Winter ain’t easy for deer mice. At least, it’s not easy for the ones that don’t invade your cottage, ATV, or shed. In wild, cold, cottage country, food sources are low—which makes deer mice prey for almost every other starving animal around, including small-bodied hunters like shrews and weasels, both slender and speedy enough to chase mice through their underground tunnels.
To prep for winter, a deer mouse hides hundreds of seeds, nuts, and acorns—up to four litres’ worth—in the fall, in empty birds’ nests or tree cavities. When the stash runs out, a mouse will eat anything it can find, including frozen insects or the dormant buds of trees and shrubs.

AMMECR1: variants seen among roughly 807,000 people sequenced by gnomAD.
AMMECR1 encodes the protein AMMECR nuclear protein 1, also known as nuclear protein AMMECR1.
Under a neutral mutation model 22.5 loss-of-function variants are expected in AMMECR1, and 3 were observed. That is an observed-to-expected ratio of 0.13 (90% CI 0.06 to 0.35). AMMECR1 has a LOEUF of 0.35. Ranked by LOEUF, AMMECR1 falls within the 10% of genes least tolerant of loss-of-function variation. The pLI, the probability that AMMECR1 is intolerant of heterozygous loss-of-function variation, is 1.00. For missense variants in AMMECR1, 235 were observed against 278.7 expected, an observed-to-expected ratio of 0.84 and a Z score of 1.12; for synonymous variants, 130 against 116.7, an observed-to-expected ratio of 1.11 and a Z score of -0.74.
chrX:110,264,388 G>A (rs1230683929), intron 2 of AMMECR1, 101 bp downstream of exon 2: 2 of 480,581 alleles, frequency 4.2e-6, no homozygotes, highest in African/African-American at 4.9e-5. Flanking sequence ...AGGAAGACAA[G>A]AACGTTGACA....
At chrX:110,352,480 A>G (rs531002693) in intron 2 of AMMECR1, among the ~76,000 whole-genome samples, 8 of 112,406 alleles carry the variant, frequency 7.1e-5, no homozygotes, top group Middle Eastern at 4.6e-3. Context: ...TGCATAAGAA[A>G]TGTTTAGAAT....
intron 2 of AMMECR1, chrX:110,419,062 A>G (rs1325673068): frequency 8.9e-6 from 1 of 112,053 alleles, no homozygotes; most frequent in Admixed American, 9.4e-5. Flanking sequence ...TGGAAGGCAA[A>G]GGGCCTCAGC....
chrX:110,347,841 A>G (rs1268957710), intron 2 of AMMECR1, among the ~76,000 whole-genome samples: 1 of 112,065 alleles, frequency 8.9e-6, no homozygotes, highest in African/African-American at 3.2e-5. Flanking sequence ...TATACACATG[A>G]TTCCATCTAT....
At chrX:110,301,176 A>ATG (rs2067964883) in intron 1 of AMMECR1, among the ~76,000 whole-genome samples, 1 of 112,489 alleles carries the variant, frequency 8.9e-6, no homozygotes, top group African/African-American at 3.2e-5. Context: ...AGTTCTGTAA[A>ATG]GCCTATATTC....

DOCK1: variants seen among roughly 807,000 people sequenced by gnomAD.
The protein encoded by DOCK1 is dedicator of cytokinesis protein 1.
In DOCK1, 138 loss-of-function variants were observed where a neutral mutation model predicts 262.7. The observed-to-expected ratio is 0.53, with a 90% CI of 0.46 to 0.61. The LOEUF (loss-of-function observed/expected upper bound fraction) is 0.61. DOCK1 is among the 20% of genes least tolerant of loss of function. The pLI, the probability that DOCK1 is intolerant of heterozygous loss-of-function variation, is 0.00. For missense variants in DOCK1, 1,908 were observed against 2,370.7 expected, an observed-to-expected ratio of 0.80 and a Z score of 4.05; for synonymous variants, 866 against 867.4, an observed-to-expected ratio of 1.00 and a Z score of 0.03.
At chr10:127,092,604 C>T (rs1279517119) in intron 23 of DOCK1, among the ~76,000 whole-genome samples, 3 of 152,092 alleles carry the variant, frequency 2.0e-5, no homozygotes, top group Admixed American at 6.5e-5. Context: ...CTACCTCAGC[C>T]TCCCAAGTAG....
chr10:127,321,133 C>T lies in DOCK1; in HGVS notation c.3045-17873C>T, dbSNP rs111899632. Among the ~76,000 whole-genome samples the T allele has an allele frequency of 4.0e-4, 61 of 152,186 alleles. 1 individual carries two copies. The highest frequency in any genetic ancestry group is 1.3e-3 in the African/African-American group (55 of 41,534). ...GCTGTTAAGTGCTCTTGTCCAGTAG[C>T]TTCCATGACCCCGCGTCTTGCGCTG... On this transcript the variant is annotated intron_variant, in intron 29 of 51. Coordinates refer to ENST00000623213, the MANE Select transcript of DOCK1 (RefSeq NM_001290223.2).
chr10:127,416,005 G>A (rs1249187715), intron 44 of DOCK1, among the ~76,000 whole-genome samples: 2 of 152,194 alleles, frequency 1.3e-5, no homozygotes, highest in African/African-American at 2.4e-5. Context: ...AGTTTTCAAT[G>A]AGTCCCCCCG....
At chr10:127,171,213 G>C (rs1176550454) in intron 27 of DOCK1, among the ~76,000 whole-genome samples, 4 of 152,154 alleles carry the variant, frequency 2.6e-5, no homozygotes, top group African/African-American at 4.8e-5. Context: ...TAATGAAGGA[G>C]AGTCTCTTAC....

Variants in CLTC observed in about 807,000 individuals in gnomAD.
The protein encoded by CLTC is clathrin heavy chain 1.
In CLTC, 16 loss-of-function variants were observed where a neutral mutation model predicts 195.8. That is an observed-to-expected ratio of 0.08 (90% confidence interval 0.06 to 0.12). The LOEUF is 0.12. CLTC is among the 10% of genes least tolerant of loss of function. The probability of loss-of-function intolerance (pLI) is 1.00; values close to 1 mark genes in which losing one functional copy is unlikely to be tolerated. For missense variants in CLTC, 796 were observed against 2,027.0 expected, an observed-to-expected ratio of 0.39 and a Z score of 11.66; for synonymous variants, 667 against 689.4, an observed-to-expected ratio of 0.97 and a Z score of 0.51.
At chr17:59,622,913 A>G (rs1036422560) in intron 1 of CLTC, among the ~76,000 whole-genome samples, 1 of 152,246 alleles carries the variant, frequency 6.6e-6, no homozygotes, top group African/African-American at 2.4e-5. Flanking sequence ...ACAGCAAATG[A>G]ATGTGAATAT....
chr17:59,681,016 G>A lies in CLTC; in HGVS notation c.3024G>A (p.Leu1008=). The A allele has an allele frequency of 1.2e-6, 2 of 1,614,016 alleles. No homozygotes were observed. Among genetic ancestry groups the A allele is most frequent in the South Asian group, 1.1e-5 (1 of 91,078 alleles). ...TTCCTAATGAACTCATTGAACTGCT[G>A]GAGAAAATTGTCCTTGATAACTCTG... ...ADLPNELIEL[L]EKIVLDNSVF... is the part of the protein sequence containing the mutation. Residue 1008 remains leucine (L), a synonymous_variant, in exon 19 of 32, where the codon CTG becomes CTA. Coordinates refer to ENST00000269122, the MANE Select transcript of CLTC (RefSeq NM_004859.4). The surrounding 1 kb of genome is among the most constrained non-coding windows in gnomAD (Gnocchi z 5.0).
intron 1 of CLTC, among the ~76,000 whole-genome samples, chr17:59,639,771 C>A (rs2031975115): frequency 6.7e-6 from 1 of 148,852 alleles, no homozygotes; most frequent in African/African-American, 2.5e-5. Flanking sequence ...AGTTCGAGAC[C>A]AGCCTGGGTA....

To stay warm, mice build nests of shredded vegetation or sleep huddled in groups, tucked under rocks, inside the hollows of trees, or in abandoned dens of other small mammals. It’s not as cozy as the insulation in your attic, but they make do. If it gets cold enough—and all that huddling can’t cut it—deer mice are able to lower their body temperature and drop into torpor, a physiologically inactive state that conserves energy.